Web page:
by Partridge Boswell
Upon receiving an email “Student Walkout Planned” to “send
postcards . . . to representatives on the topic of school safety”

Bobbies never carry one though it rains and rains on that calm
dignified island. Here we wear them strapped to our waists and
chests like feelings without fabric. Who needs words anyway
to describe madness—so old fashioned!—when action figures
so prominently in our fiction? We must live on too wide an island

where thunder heads can roll for miles and never hit their targets
until they do. Too free to be held and yet, we need something
to hold onto. On that mild island where it almost never snows
they’re brandishing bumbershoots common as colds, so common
their hands are evolving into handles, their hair into triggers and

minds into canopies of dread, their fingers into ferrules aimed
at whatever may be falling from the unsaid. Assembly is simple,
instructions easy to follow as precipitation when words fail
and they will; we drag out the brolly we carry unconcealed
at our side or the five stacked in the cab rack of our pickup we

peer through like fence slats at Antietam. Chip chip cheerio,
here have a go: they’re insanely easy to deploy, a child can do it
and has, so easy to just grab when you hear the day’s forecast
calling for cloudbursts inside nightclubs churches elementary
schools even government buildings—a real gully-washer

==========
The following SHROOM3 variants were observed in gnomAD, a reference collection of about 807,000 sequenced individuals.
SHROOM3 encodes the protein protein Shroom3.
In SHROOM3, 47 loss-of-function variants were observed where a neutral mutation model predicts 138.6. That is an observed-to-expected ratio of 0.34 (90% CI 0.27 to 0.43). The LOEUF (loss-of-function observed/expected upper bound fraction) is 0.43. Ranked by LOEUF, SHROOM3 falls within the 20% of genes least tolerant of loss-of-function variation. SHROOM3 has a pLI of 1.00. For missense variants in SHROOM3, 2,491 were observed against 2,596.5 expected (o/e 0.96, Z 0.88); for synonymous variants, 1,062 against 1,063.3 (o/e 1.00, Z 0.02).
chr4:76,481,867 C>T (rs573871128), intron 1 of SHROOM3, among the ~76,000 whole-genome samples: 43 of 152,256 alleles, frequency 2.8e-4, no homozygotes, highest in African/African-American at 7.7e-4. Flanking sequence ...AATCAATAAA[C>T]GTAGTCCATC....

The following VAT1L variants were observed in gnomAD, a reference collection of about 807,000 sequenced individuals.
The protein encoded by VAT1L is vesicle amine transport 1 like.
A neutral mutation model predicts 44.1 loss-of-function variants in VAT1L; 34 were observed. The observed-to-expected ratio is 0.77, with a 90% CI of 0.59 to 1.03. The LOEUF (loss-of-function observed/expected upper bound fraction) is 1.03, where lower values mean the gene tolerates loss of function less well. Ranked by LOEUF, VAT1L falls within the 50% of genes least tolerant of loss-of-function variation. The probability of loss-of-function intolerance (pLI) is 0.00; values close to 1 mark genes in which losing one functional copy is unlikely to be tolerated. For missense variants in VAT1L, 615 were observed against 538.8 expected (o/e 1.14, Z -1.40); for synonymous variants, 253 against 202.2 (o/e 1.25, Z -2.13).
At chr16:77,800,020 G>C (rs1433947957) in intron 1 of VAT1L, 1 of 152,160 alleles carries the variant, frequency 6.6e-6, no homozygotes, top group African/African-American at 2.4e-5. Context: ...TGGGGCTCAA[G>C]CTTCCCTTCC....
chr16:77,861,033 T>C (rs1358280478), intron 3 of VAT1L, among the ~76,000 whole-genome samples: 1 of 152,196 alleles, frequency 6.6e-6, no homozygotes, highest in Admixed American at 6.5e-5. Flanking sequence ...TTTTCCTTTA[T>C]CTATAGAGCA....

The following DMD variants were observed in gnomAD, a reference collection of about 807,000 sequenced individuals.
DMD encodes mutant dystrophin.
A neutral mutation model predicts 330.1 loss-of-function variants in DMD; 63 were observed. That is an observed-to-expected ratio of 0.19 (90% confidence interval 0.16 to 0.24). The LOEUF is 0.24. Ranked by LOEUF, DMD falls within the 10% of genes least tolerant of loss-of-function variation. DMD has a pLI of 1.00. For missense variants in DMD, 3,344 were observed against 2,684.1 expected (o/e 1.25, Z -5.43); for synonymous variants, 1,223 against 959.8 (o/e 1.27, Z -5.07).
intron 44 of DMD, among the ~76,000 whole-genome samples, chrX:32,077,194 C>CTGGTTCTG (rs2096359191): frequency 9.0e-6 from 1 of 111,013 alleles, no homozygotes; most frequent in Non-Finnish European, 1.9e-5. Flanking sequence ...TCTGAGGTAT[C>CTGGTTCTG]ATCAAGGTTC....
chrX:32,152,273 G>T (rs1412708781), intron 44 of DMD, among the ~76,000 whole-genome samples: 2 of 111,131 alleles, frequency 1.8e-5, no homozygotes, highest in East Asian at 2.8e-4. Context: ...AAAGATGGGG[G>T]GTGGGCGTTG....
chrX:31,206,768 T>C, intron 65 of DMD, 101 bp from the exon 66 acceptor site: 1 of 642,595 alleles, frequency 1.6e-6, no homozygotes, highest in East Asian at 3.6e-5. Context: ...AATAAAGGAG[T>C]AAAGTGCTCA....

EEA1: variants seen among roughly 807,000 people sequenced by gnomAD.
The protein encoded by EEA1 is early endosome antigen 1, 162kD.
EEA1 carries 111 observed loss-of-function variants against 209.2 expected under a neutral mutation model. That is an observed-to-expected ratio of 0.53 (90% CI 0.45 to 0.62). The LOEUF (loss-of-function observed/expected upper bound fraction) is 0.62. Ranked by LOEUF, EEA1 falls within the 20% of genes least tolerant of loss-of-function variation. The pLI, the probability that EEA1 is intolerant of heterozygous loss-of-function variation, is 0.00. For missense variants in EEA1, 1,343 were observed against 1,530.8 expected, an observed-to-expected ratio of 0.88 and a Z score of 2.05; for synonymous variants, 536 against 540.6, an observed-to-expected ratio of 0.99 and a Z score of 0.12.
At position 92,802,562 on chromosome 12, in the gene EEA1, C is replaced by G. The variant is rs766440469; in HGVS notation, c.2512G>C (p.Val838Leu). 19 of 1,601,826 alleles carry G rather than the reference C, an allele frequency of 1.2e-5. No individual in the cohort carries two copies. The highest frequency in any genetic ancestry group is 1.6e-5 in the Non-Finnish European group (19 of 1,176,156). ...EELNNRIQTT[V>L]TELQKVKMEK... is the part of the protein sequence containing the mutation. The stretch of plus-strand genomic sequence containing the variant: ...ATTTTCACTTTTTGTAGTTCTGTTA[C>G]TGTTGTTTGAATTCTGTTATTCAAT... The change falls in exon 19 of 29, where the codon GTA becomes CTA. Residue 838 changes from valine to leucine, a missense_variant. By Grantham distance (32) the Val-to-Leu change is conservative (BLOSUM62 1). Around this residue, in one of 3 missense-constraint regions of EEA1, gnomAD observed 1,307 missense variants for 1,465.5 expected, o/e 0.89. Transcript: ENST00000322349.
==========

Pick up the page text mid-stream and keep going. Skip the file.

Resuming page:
could take you by surprise even if your mood toward humans
isn’t graying and skies are perfectly blue and children are playing.
The more we see them, the more we’ll trust their usefulness
like a shoe that keeps our foot dry from puddles of rain or
blood or what-have-you. The right to bare arms is a sacred

and personal choice that begins in the womb. If I want to wear
a tank top in January like it’s the Fourth of July why shouldn’t I?
Besides, I’ll have my trusty bumbershoot at my side no matter the weather—
a lover I can love so freely and deeply I can’t even sleep without her
cold hard steel packed beneath my pillow. But here I’ve made fun

of a name anyone from that island would never call them, just as
Dunblane was the first and only soulless wordless total eclipse
of every daughter and son, the only one anyone needed to trigger
their hearts’ consensus of common sense and put it plainly on paper—        
an act so easy even a child knows how to pick up a pen and erase a gun.

* Dunblane: a Scottish town where on March 13, 1996 a gunman killed 16 young
schoolchildren, their teacher and himself.

Partridge Boswell is the author of Some Far Country, winner of the Grolier Poetry
Prize. His poems have recently received the Edna St. Vincent Millay, Red Wheelbarrow
and Lascaux Poetry Prizes, and have surfaced in The Gettysburg Review, Salmagundi,
The American Poetry Review, Green Mountains Review, Plume, Poetry Ireland Review,
The Moth and Forklift, Ohio. Co-founder of Bookstock Literary Festival, Boswell
troubadours widely with the poetry/music group Los Lorcas, teaches at the Burlington
Writers Workshop, and lives with his family in Vermont.
MAY 2019